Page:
Keywords: Labor markets,digital platforms,decent work,economic networks,formal/informal networks,multi-level networks
    Date: 2022–11
  4. By: Caserta, Maurizio; Distefano, Rosaria; Ferrante, Livio
    Abstract: In everyday life, individuals interact with relatives, friends and colleagues, share ideas and passions and cooperate with others to pursue common goals. Within each social domain, individuals recognize themselves as a group member with rights and duties to observe. Understanding the importance of social norms and encouraging mutually beneficial cooperation is crucial for societal and economic development. This paper presents an experimental study of an educational program for early adolescents of 11 years old from South Italy. The program introduces participants to institutions, civic engagement, sense of duty, and decision-making. Among other didactic activities, it includes guided tours and a role-taking game. Our results suggest that the program attendance positively affects cooperation in a one-shot Prisoner’s Dilemma and altruistic behavior in a Dictator Game. Our findings contribute to the nature-nurture debate, showing that promoting prosocial behavior can be effective in pursing the common good.
    Keywords: Experimental game theory,Group Decision Making,Cooperation,Prisoner’s Dilemma,Dictator Game
    JEL: C72 C93 I20
    Date: 2022
  5. By: Jan Gromadzki; Przemysław Siemaszko
    Abstract: In recent decades, the number of people disclosing their LGBTQ identity has increased substantially. We investigate the role of peer effects in coming out decisions using a model of a game social learning via networks. We use newly collected data from two waves of a spontaneous Twitter coming out campaign to test the prediction that observing peers coming out increases the probability of an individual disclosing their LGBTQ identity. We combine data on users' pre-campaign networks with the information on the exact time of costly coming out actions to construct a time-varying measure of the exposure to peers coming out as LGBTQ. A one standard deviation increase in the exposure increases the probability of coming out by almost 20%. We also exploit the non-overlapping network structure of users' peers groups as an exogenous source of variation, and we confirm the baseline results. We argue that the estimated effects are due to changes in beliefs about the costs of disclosure.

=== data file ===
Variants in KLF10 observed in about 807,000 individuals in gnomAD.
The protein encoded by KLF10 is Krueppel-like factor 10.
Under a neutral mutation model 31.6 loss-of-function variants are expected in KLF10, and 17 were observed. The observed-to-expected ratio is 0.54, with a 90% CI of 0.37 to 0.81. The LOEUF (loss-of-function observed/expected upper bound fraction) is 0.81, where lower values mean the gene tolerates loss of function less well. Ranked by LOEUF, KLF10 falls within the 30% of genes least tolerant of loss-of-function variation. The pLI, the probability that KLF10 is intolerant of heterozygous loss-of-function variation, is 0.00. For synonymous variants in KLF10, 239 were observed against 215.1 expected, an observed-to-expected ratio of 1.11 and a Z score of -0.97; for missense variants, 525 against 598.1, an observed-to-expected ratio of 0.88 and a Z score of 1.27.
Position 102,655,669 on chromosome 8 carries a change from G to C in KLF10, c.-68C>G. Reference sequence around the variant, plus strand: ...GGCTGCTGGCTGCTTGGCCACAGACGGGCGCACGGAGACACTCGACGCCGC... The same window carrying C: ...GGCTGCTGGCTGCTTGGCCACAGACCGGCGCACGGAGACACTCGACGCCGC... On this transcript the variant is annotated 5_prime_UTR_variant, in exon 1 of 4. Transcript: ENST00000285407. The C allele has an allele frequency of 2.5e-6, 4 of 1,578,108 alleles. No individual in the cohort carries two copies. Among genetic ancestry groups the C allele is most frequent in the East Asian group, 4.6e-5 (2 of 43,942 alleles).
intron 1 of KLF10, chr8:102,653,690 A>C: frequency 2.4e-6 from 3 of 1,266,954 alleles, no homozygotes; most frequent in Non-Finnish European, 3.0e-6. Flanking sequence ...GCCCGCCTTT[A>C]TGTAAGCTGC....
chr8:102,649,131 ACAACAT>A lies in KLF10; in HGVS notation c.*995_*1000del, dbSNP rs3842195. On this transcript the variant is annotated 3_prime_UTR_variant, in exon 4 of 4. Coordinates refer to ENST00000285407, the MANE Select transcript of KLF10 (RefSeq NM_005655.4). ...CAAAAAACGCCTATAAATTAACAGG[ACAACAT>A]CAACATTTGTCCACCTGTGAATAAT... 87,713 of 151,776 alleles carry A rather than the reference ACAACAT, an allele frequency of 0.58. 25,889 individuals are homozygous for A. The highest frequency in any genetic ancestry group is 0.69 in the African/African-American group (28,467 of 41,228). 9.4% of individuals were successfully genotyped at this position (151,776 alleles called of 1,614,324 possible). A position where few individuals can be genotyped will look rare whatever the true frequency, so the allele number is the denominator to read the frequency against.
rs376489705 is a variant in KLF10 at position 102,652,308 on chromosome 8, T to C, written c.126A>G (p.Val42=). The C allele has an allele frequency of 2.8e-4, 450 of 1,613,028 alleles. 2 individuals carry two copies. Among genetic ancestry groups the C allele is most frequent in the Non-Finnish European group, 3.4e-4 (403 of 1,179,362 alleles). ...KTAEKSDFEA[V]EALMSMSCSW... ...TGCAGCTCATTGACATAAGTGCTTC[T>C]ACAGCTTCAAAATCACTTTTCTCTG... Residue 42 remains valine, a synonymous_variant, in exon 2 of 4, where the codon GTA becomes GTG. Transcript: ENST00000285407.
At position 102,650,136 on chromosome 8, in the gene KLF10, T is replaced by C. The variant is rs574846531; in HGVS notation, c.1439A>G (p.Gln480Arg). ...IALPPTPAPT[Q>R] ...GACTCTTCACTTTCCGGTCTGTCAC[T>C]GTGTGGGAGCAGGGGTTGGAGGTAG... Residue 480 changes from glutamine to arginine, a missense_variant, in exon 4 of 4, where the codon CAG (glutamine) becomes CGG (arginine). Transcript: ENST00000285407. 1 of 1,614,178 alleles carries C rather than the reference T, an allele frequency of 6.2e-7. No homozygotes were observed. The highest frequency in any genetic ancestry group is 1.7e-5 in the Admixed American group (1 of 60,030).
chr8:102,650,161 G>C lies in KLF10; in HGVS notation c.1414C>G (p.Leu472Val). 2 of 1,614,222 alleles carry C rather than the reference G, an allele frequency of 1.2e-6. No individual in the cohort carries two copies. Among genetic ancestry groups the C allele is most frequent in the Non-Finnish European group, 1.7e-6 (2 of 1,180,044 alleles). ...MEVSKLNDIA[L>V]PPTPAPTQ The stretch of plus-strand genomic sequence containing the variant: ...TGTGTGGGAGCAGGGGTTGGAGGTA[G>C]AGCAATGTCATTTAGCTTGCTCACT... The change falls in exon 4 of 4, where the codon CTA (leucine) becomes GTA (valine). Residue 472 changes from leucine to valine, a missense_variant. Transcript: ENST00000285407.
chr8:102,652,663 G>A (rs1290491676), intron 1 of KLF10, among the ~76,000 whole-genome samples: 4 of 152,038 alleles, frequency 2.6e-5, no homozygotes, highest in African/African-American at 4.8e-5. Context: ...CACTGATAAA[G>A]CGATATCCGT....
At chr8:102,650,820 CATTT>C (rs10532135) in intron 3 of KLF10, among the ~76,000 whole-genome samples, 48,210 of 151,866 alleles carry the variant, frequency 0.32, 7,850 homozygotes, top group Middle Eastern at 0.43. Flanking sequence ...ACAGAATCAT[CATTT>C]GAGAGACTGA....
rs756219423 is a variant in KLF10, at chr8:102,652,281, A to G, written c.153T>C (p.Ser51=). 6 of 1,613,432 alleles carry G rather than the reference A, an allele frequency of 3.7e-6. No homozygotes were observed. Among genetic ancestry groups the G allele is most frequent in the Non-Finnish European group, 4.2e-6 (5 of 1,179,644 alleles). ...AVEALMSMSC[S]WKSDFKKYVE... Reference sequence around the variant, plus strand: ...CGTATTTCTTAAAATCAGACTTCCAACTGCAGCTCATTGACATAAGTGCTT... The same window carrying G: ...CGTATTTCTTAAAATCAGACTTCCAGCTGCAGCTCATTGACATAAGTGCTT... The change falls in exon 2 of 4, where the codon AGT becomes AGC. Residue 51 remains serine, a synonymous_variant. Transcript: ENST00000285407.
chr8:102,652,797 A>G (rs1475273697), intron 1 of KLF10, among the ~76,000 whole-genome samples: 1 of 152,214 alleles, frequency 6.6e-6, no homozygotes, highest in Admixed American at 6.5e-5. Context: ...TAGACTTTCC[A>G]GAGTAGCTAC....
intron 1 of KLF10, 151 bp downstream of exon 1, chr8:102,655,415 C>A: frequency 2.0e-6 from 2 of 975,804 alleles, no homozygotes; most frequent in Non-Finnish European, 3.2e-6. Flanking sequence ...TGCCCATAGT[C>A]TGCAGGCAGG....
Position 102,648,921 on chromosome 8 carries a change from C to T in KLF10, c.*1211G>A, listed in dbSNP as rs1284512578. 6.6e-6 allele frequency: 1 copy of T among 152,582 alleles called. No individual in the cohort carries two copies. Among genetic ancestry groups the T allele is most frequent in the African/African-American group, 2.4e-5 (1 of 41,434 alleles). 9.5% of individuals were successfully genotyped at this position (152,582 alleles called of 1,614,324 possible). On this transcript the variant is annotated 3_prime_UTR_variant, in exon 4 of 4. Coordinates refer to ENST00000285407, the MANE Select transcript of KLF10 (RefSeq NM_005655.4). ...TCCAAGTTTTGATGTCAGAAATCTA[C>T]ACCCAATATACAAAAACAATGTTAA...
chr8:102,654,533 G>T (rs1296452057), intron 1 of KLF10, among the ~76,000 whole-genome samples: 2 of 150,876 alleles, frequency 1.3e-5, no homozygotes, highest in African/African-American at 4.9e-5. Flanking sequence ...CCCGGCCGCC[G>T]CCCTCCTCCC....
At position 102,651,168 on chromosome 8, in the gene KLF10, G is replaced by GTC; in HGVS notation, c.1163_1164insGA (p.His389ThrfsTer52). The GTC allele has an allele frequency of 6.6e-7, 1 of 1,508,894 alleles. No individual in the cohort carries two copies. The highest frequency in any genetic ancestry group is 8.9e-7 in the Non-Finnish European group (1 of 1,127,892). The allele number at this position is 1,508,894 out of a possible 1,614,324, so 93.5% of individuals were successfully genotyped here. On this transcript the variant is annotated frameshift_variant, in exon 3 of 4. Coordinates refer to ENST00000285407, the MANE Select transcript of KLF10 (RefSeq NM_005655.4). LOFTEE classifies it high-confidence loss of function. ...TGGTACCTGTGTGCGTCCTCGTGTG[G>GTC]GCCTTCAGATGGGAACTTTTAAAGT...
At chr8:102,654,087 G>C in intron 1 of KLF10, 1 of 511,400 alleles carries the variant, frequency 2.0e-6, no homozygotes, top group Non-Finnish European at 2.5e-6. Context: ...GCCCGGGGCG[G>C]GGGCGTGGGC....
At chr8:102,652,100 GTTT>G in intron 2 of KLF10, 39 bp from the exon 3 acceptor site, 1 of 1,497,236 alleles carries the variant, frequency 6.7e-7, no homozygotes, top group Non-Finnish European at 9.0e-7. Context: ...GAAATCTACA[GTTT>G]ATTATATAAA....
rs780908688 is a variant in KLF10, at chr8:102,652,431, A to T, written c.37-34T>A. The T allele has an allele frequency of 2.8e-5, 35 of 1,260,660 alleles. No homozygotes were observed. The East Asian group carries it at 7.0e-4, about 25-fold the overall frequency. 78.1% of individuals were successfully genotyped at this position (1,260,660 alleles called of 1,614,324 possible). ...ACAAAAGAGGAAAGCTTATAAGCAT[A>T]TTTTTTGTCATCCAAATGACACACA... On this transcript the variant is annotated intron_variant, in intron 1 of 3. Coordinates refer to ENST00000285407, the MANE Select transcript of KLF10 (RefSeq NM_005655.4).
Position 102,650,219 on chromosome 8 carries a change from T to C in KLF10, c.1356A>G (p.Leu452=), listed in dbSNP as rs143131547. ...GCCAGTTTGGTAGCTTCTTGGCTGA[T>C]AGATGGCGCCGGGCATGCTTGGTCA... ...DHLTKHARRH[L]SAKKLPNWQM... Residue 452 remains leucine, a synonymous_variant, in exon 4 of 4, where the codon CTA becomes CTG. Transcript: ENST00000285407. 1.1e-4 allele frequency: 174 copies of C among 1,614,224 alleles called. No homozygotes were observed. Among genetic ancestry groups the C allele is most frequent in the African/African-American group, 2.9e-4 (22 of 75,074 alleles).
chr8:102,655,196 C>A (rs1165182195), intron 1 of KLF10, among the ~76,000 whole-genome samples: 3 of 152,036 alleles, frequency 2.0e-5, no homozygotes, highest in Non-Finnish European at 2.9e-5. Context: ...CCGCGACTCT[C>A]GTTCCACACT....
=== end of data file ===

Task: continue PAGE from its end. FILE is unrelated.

Keywords: LGBTQ; social networks; peer effects; social media; cultural change
    JEL: J15 D85 D74 P16 Z13
    Date: 2022–10
  6. By: Matias Iaryczower; Santiago Oliveros; Parth Parihar
    Abstract: We study the ability of multi-group teams to undertake binary projects in a decentralized environment. The equilibrium outcomes of our model display familiar features in collaborative settings, including inefficient gradualism, inaction, and contribution cycles, wherein groups alternate taking responsibility for moving the project forward. Expected delay grows more than proportionally with project size, and some welfare-enhancing projects are not completed, even as agents become arbitrarily patient. A team composed of two equally large groups can complete larger projects than a fully homogenous team, even as the difference in preferences for completion among the two groups is arbitrarily small. Moreover, if the project is sufficiently large, the two-group team always completes the project strictly faster.
    JEL: C72 D72
    Date: 2022–11